On the left, you will see an axis labelled VMT, or Vehicle Miles Traveled. This means the total miles driven by all of us in all of our vehicles. This is measured in those blue bars. If you study this graph, you will see that, since 2005, our total miles driven as a group of people has basically stayed the same. Public transportation, biking, carpooling, changes in gas prices, nothing has budged this number.
Then, on this same graph, you will see that orange-ish line that kind of slopes slightly downhill from left to right. That line is the emissions we create from those miles driven.
If you are mathematically inclined, you might wonder why our emissions are going down even while our miles traveled are staying the same. The reason, of course, is that we are slowly shifting away from polluting cars to various kinds of Zero Emission Vehicles (ZEVs). This is a good thing. I have written several times about the fact that Technology is on our side in our challenge to reduce our emissions, and this graph shows clearly how that is already happening.
The big problem is, we need to speed up the orange line; we need it to start going down faster.
If you went back a couple of blogs, you will see the graph that summarizes our many years of GHG inventories. That graph shows that our biggest source of emissions is from transportation - the very graph you see on this blog.
So, we have two things, basically, we can do to push that orange line down faster.
First, we can reduce our VMTs. The fewer miles we travel, by definition, the fewer emissions we will have. It is hard for me to see, frankly, how we can reduce the VMTs. That is, I just bought a hydrogen fuel cell car, but I am driving the same amount of miles because I work in the city.
There is the option for trying to find ways to support people working more from home, and it may be that the coronavirus experience changes our work patterns, and maybe we will see a reduction in VMTs from that; it will be interesting to see (the data really seems to lag; we only now have our 2019 inventory).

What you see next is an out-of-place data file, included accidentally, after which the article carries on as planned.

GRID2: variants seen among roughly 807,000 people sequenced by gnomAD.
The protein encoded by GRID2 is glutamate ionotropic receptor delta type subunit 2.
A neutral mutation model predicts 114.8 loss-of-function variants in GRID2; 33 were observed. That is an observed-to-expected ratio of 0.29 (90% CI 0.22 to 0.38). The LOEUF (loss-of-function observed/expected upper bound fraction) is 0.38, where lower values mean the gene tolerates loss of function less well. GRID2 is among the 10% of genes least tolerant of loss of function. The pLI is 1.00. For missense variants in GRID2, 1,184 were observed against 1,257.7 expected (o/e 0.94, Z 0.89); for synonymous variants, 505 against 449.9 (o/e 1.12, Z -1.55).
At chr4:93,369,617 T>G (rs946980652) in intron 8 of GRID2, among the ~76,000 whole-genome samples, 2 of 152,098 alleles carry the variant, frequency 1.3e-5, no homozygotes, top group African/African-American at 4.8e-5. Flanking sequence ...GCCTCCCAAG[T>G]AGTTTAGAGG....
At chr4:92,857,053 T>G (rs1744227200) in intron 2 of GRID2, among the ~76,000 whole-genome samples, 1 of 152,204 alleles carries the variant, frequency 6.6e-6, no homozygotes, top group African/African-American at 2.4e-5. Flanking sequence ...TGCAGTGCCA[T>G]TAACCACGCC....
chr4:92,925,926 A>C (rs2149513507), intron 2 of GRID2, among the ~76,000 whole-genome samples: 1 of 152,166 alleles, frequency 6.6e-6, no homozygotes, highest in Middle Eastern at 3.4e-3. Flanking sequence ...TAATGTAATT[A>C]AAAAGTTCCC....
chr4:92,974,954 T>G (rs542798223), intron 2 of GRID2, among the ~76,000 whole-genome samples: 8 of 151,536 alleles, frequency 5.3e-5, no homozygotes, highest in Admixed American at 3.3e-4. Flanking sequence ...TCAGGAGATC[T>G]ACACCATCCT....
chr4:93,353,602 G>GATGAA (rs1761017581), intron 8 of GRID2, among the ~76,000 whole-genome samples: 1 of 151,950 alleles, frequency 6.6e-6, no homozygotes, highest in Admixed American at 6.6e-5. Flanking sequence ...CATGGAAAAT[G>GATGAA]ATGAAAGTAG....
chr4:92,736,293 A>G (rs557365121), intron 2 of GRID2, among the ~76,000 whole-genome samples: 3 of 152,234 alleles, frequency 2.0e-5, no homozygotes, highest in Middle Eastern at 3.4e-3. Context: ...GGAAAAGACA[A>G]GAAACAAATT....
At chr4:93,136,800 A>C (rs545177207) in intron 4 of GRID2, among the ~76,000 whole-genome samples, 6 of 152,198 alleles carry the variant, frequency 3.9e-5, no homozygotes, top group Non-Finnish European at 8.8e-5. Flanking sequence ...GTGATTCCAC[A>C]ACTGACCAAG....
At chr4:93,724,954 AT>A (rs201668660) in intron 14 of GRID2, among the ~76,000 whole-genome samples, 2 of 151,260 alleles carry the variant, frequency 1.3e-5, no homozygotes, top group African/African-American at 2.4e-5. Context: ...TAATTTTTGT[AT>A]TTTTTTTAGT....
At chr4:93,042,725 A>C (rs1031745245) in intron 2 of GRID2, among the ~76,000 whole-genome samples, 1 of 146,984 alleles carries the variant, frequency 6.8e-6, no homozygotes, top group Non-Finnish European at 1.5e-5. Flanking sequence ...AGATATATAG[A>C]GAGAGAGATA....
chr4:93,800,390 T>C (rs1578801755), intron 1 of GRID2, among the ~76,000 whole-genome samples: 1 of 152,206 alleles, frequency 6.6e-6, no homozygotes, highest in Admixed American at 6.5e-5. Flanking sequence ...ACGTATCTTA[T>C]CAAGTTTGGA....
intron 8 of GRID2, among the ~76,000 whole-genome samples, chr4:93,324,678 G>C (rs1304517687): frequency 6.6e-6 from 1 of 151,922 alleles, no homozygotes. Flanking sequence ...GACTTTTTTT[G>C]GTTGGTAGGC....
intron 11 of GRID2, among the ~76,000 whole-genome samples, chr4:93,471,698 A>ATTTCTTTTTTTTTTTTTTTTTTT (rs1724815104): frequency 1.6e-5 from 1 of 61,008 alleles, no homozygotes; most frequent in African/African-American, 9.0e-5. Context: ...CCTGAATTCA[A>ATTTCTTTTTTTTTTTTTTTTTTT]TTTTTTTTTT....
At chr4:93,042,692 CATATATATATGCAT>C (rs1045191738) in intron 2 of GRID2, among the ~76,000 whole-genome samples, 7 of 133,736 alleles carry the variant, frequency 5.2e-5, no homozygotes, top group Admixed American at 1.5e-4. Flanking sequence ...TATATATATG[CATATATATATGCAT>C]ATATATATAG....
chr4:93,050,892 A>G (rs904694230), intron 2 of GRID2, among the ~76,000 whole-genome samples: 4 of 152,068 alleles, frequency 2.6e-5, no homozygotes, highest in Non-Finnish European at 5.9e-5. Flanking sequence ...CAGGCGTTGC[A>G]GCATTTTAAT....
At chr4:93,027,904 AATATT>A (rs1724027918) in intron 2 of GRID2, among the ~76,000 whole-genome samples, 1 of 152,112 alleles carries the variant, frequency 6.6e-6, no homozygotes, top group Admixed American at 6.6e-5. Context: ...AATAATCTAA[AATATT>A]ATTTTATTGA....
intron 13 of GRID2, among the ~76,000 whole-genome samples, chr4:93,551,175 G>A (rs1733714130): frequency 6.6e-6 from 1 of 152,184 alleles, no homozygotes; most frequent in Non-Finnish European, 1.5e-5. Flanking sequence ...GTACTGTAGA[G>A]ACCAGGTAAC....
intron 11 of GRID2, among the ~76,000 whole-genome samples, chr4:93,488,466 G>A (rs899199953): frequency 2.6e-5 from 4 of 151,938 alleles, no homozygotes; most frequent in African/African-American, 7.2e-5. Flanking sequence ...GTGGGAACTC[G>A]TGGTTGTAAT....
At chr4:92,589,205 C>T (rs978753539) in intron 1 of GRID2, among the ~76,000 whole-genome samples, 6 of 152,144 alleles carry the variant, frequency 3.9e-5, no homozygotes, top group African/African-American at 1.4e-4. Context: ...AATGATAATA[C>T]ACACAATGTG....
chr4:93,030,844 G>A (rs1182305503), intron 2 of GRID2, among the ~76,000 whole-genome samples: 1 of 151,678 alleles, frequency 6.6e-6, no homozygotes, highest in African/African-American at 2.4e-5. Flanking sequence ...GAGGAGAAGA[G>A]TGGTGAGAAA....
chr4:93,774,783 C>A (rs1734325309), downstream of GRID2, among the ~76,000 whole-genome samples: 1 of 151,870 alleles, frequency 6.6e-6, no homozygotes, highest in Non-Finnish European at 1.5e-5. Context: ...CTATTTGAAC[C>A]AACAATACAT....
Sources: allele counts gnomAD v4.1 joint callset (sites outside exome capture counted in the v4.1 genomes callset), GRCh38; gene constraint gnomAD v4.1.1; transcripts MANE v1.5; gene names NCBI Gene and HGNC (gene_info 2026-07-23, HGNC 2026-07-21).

The bigger opportunity is to shift to things that are not counted as VMTs, like E-bikes. That is, when we travel by an ebike instead of an automobile, it no longer shows up as a VMT, even though we are still doing the same amount of travel. I think E-bikes are a great new way to drive down our VMTs. HERE is an interesting article showing that E-bikes are probably one of the best ways for us to reduce our carbon footprint fast. Personally, I am trying to re-wire my brain. I am trying to make my E-bike my default transportation option. Then, only if its not feasible for some reason to use the E-bike, I go to the ZEV. In doing this, I am driving down my personal VMTs.
In addition to driving down our VMTs, the next thing we can do is to shift over to cars that are zero-emission.
I know that many people worry about this. Today, we do not have enough chargers around. Many electric cars do not have enough range. Many electric cars now available are expensive.
The good news is, technology is on our side. Prices are coming down. Performance is going up. And, the government is providing extensive incentives to help people move in this direction.
Transportation is our biggest challenge.
As much as we can, let's find ways to get onto ebikes (and, when you do this, BE SAFE!) and reduce our VMTs.
And, when your car needs to be replaced, buy a ZEV.
Marin is currently has the second highest rate of ZEV adoption in the country. Let's get Fairfax to number 1!
And, one last thing. I know that many people face many obstacles in getting to this new, better future. We are not ignorant of these changes, and we want to learn more. If you find this transition hard, let us know why, and let's work together to find ways to get past the obstacles in our path. At the CAC, we want to understand the difficulties, and to work with all of our neighbors to build a better future for our kids.
Together, we can do this.